The only meaningful interpretation of this turn of events – this new geopolitical reality – is that China exerts a far greater influence over the wealthiest and most powerful country in Africa than it does over its Western counterparts. China’s apologists have long claimed that the Chinese relationship with Africa is not special, but rather fair and expedient. They are wrong. There is the pull of paternalism, the distinct sound of daddy yanking his belt from his britches, every time we step out of line. If we are not free to open our doors to our old friends, how free are we in matters of policy? Are we members of a bloc, junior partners in a game in which we are punching well above our weight? If so, it behooves a democracy to deal with such things in the open. The lack of transparency is a powerful suggestion that the government cannot, should not, be trusted.
Which brings us back to the matter of our soul – our collective mettle as a country. In the last 20 years, what have we become? This is a question that should be asked every day in a new democracy – vigilance is the price we pay for freedom. Indeed, we are learning grown-up things about the intrinsics of the new(ish) South Africa. Namely, that states do not have friends, and certainly no old friends. That principles are put on ice, indefinitely, in the face of real politick. And that our symbols and gestures are no longer our own, but governed by other forces.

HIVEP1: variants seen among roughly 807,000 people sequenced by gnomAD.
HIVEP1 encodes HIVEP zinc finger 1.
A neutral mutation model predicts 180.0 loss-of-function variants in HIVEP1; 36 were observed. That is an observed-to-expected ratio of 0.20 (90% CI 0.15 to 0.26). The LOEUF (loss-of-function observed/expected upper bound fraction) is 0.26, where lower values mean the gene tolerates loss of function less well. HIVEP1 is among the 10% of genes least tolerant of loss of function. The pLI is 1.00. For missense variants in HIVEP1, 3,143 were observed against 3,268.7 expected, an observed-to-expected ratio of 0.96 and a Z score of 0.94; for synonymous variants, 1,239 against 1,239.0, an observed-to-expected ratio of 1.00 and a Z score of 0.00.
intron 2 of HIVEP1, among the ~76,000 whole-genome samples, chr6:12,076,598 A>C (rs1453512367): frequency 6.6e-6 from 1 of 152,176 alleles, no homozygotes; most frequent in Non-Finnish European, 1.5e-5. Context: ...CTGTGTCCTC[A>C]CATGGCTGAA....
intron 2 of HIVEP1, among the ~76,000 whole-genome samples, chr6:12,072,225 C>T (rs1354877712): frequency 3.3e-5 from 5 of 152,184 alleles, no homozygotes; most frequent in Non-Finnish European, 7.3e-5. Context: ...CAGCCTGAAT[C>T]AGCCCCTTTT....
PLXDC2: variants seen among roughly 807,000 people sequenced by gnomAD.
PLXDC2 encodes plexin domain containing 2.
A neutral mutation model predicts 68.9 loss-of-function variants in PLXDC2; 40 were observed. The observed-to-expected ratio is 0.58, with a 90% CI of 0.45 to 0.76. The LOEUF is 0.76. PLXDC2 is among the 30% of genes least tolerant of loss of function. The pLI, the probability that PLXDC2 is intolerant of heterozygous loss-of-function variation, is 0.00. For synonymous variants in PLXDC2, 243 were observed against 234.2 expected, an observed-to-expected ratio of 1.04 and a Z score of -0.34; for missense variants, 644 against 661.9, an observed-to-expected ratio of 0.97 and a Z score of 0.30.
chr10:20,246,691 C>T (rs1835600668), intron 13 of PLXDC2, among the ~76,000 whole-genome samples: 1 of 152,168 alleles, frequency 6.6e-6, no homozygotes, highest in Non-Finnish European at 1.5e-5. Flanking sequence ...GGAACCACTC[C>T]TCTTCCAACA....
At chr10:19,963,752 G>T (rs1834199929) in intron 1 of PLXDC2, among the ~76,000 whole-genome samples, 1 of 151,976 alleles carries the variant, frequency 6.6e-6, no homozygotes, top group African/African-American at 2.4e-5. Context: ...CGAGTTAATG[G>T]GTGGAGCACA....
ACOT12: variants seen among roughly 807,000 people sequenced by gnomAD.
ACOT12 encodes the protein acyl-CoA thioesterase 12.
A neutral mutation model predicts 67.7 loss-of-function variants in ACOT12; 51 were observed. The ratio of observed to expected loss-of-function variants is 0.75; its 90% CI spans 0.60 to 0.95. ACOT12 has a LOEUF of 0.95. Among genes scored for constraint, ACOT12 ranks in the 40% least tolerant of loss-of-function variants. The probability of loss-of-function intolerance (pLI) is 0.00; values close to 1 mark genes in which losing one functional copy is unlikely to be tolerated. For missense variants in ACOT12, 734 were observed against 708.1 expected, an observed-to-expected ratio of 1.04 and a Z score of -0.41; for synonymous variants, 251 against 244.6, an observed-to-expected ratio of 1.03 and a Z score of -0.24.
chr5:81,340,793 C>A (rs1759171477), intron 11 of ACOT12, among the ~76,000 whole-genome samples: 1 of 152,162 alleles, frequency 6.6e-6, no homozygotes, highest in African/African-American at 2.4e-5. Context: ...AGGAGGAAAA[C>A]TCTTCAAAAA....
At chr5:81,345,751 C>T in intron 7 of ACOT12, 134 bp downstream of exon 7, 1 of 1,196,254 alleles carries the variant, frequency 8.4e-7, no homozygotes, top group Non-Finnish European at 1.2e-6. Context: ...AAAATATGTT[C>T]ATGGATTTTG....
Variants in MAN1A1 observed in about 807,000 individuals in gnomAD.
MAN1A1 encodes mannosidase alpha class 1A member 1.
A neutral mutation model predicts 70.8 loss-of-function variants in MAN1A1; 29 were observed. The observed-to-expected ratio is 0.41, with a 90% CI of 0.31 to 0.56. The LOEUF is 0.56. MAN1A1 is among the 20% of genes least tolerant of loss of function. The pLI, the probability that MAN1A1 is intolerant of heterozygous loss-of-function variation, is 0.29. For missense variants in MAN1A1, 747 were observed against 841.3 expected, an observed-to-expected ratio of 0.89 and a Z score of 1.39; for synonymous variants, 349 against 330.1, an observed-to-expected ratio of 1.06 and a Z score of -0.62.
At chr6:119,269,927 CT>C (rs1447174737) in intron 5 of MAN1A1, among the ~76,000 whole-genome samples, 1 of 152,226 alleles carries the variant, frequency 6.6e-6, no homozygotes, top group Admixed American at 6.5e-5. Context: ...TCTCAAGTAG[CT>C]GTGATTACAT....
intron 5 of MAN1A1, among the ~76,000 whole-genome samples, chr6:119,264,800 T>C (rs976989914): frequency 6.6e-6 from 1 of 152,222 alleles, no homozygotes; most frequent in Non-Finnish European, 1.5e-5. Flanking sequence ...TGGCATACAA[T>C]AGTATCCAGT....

Most of all, and most tragically, we have learned that we are unexceptional. The words in our Constitution, the astounding body of literature that acts as our foundational texts, are just that, words. Our deeds are the province of grey, faceless hacks, of Jacob Zumas and Kgalema Motlanthes, of men and women so divorced from the spirit of the struggle that our history is becoming mist.
This isn’t China’s fault. There is no concrete evidence that one solitary contract would have been cancelled if the Dalai Lama had showed up; there is nothing to suggest that one average South African would have been adversely affected by his eating canapés at the Archbishop’s party. No, a inyenzi cannot be an inyenzi if you eat your own larder for him.
This is South Africa’s shame to bear alone. We have discarded an old pal for a new friend. Some would call this business maturity. Others, rank betrayal. Mostly, it just feels like a tawdry, small-scale disgrace that explains all our other disgraces – democratic South Africa has become a place, like so many other places, where the belly, and the wallet, rule the day. What dreams, one wonders, will the Dalai Lama be feeding on tonight? It would have been nice to ask him in person. DM
"This is my simple religion. There is no need for temples; no need for complicated philosophy. Our own brain; our own heart is our temple; the philosophy is kindness." ~ Dalai Lama XIV